Recently I had the pleasure to talk to Raph Koster, the legendary developer behind such titles as Ultima Online and Star Wars Galaxies. While it sounds like I'm laying out my über nerd card for everyone to take a look at and gasp in amazement, there was a thread of conversation which I found particularly interesting. The idea that Raph suggested was that MMOs can transcend games, and that the genre could be so much if it was willing to dream.
Like many gamers out there, I recently read Ready Player One. While I had been aware of the novel for quite some time, the protectionist within me was ever-vigilant whenever I approached Amazon for a sneak peak. You see, it's hard to be a nerd in Northern England; dragons and elfs, swords and sorcery, they just don't really cut it round here.
But like a man stealthily purchasing pornography with a roomy jacket and steely determination, I eventually pushed past my own hang ups and entered the OASIS. And boy was I glad. While the book is of course no literary masterpiece, it is just about every geek's dream when it comes to the written word. I swear that I actually yelped when "EverQuest" and "Norrath" appeared on the second page.
The reason why I connected so much with Ready Player One wasn't my infinite love of 80s pop culture, but because it described an MMO that I wanted to play. An upgradable framework that held endless possibilities for gameplay.
My own love of this genre comes not from the sheer love of committing orc genocide across multiple fantasy worlds, but because it is the nearest we have gotten to virtual reality. Physically, I can only ever be me: the gangly, awkward British idiot. I can never experience life from your point of view. But MMORPGs are the nearest we have gotten to "out of body experiences"... aside that is from "crack, jack, crank, meth, vicodin, blow, acid, uppers, poppers, E, nitrous, dust, hash, and this one boner medicine from Norway".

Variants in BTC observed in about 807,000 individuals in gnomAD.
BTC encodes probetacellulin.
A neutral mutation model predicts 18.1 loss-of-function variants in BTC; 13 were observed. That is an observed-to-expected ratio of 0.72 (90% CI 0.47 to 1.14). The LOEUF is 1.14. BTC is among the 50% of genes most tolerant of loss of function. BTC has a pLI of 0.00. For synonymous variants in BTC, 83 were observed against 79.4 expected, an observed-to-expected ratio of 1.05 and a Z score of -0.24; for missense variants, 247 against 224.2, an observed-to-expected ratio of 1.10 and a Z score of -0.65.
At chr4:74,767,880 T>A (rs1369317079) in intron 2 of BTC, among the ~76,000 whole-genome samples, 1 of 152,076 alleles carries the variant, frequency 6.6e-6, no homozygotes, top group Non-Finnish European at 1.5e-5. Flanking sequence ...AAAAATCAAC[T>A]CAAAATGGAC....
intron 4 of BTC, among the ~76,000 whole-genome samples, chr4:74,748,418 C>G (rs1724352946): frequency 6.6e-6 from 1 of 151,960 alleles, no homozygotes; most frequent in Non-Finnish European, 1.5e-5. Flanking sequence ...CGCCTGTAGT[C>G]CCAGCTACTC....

And it's a powerful draw that has kept me hooked, even in drought times such as now. Because, while I still adore the genre, I can't seem to recapture that early magic. That feeling that I was in a world rather than a game. Things now seem so formulaic, in the pursuit of consumers rather than explorers.
So when Raph Koster describes world's which could be created, and Ernest Cline writes about the OASIS, I can only sigh and rest my head on my hands, wishing. I want the nirvana of a virtual world, and one that hides its own restrictions - I want a sequel to Ultima Online, EverQuest, or Star Wars Galaxies is what I'm saying.
But there is a case to be made that one developer is doing just what Ready Player One described. CCP are perhaps one of the greatest, and more challenging, design houses out there. Their Elite-em-up Eve Online is a successful take on the principles of UO, but taken to a completely new stratosphere. And the interesting part: New Eden is becoming a lobby.
Whether or not they achieve success, the Icelandic creatives have two separate games bolted onto their Eve Online framework. Dust 514, love or loath it, is a fantastic idea, binding two separate pieces of software together, essentially making theirs the most expansive MMORPG out there.
It's design like this that perhaps keeps me coming back to the MMORPG table. When pickings are slim, and games follow single-player patterns, there is also that glimmer of hope of what genre can, and should, be.
I know that these columns can have a propensity to navel gaze and wallow in a certain brand of nostalgia, but reading Raph Koster's words awakens that sense of what it was like to play the initial MMO experiments. It felt like uncovering new worlds, exploring entirely new things. Somewhere in the past decade we've lost that, and I really want it back.
Ultimately, I think my desires go much beyond simple game design now. Returning to Raph and Ready Player One once again, I think the genre should have grown beyond static questing, and basic mechanics. It should be much more by now, rather than treadmills of grind that emulate singleplayer experiences. Imagine the possibilities.
But then again, maybe I should take the message of Ready Player One, go outside, level up myself, and engage with reality a little bit more. I’m sure that’s fun too, right? Right?
Have you read Ready Player One? Do you crave for bigger, more challenging MMOs? Do you like to moan like me? As ever, leave the comments in the section below.
Adam Tingle / Adam Tingle is a columnist and general man-about-town for MMORPG.com, RTSGuru.com, and FPSGuru.com. He enjoys toilet humor, EverQuest-themed nostalgia, and pointing out he's British: bother him at @adamtingle
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